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Norfolk Highlights 1584 - 1881
By George Holbert Tucker

Chapter 19

The Dunmore Ball

It's a pity that the biggest social event of pre-Revolutionary Norfolk ended with a sour epilogue two years later. But considering the hectic temper of the times, it couldn't be helped.

The event was the ball given for John Murray, Fourth Earl of Dunmore, Virginia's last royal governor, and his countess in Norfolk in 1774. The epilogue was the bombardment of the town by Dunmore on January 1, 1776.

Dunmore had arrived in Virginia in the fall of 1771 and was joined early in 1774 by Lady Charlotte Dunmore and their children. A few months later the noble couple paid the still-loyal borough a visit, and an account of the event published in the Norfolk and Portsmouth Herald of July 3, 1818, and signed "The Old Burgess," preserves much of the bouquet of the long past social event.

The affair was held in the Mason's Hall on Freemason Street, now the site of the Willoughby-Baylor House. Captain George Abyvon, the Norfolk mayor at that time, had some hesitancy when it came to dancing with Lady Dunmore, so an "express" was sent off to Princess Anne County for Colonel Edward Hack Moseley Jr. (1743-1814), "the finest gentleman we had, to come to town with his famous wig and shining buckles, to dance the minuet with my lady."

Needless to add "all the gentry of our town were there" together with "all the British navy officers . . . with their heads powdered as white as they could be." And when the fiddles struck up, Colonel Moseley led out Lady Dunmore "in her great fine hoop-petticoat" for the first solo minuet, during which "little puss was too cunning for him" and "he was on the wrong scent more than once."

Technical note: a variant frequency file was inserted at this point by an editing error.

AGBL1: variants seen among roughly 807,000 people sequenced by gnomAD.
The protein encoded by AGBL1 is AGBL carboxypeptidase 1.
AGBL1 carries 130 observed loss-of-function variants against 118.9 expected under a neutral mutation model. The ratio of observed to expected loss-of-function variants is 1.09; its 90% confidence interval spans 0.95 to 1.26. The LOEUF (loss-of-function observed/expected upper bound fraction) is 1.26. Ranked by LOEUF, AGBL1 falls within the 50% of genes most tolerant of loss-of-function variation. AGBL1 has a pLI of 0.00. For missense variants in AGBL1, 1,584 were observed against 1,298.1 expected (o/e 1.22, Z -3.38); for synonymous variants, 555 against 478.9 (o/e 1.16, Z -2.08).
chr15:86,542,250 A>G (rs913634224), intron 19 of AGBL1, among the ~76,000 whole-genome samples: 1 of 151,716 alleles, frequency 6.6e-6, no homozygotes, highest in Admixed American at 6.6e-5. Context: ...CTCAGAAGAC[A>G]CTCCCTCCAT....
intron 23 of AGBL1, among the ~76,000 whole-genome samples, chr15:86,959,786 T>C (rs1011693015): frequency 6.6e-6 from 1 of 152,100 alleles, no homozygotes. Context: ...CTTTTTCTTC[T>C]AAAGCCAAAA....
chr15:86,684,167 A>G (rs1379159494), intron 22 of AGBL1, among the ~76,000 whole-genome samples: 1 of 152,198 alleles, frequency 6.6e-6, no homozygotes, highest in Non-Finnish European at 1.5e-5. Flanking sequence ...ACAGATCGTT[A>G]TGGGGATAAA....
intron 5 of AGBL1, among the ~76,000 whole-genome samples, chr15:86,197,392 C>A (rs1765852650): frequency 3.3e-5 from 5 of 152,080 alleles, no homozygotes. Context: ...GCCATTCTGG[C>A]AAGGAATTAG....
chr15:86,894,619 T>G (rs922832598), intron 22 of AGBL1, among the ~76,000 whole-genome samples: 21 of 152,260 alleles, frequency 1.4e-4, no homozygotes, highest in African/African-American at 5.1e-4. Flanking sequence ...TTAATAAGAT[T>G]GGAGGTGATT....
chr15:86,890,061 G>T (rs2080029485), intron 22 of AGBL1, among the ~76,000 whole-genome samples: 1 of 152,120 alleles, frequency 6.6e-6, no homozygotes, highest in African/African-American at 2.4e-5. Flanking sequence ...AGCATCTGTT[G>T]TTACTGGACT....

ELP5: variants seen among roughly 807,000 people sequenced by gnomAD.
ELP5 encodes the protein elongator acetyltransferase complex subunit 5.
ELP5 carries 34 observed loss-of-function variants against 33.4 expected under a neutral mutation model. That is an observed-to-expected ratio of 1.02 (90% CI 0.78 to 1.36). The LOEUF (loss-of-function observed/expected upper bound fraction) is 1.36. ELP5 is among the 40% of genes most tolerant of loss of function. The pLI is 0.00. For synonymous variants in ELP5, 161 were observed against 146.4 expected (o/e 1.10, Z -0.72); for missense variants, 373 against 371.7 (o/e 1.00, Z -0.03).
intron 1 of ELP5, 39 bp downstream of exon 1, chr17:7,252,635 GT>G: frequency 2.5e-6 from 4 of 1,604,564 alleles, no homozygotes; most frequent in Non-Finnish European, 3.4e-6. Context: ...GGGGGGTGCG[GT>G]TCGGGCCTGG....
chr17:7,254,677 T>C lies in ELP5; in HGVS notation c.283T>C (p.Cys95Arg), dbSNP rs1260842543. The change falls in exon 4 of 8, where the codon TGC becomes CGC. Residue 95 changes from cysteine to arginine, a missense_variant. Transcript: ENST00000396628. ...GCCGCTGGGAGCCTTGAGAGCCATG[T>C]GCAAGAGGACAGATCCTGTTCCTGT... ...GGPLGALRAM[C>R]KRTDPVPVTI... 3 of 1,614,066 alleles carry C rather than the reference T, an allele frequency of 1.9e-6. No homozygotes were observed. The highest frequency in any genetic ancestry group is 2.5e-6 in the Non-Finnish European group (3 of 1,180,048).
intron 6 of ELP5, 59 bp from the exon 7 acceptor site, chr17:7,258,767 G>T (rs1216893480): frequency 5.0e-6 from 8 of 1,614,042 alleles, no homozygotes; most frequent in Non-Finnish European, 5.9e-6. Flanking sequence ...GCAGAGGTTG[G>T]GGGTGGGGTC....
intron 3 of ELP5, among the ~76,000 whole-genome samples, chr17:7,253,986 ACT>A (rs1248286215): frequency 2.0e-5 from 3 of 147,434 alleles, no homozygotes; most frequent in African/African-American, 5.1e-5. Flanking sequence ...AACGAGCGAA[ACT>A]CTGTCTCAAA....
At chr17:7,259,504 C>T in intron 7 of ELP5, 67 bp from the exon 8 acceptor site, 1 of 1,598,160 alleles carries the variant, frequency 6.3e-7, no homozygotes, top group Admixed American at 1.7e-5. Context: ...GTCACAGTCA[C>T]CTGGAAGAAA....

After that, Captain Abyvon was forced to take out Dunmore's daughter, Lady Catherine Murray, for another solo minuet. "But the poor Captain was laboring hard in a heavy sea all the time, and, I dare say, was glad enough when he got moored in his seat."

This was followed by still another minuet danced by Captain Montague of the Royal Navy and another Dunmore daughter, Lady Susan Murray, whom the old Norfolkian remembered forty-four years later as having made "a mighty pretty cheese with her hoop."

Once these formalities were cleared away, the party really got under way. And this is how "The Old Burgess" recalled what happened:

"Then came the reels; and here our Norfolk lads and lasses turned out with all their hearts and heels. This was my cue, and I led out my sweetheart, Nancy Wimble, in my best style, resolved to show all the sprigs of nobility what we Buckskins could do."

At that point, however, a young British officer became so smitten with Miss Wimble's charms that he took her away from her beau, "danced with her every time, and even managed to get her for the country dance, tho' I thought I had engaged her long before."

So Norfolk's most brilliant pre-Revolutionary social event ended on a wistful note as far as the young "Buckskin" was concerned. And this is how he philosophically summed it up:

"To say the truth, I believe the poor girl hardly knew what she did, she was so flattered and wheedled, and made a fool of by her red coat gallant. Indeed I soon found that she thought him worth two of me; and when she saw my Lady Dunmore call him to her, and tap him on the shoulder with her fan, it was really too much for her heart. In short, I was cut out, and cut down -- and stole away from the ball with a flea in my ear. From this time, I saw plainly there was no chance for me. Indeed I could never get near her again; for the dashing officer was with her all weathers, and there was very little room between 'em, you see. Then she took to reading novels, and got a new hoop-petticoat to make her a Lady, and began to study what she could say when she came to stand before the King."

Chapter 20
The Press of a Patriot

Norfolk Highlights 1584 - 1881

Norfolk Highlights 1584 - 1881

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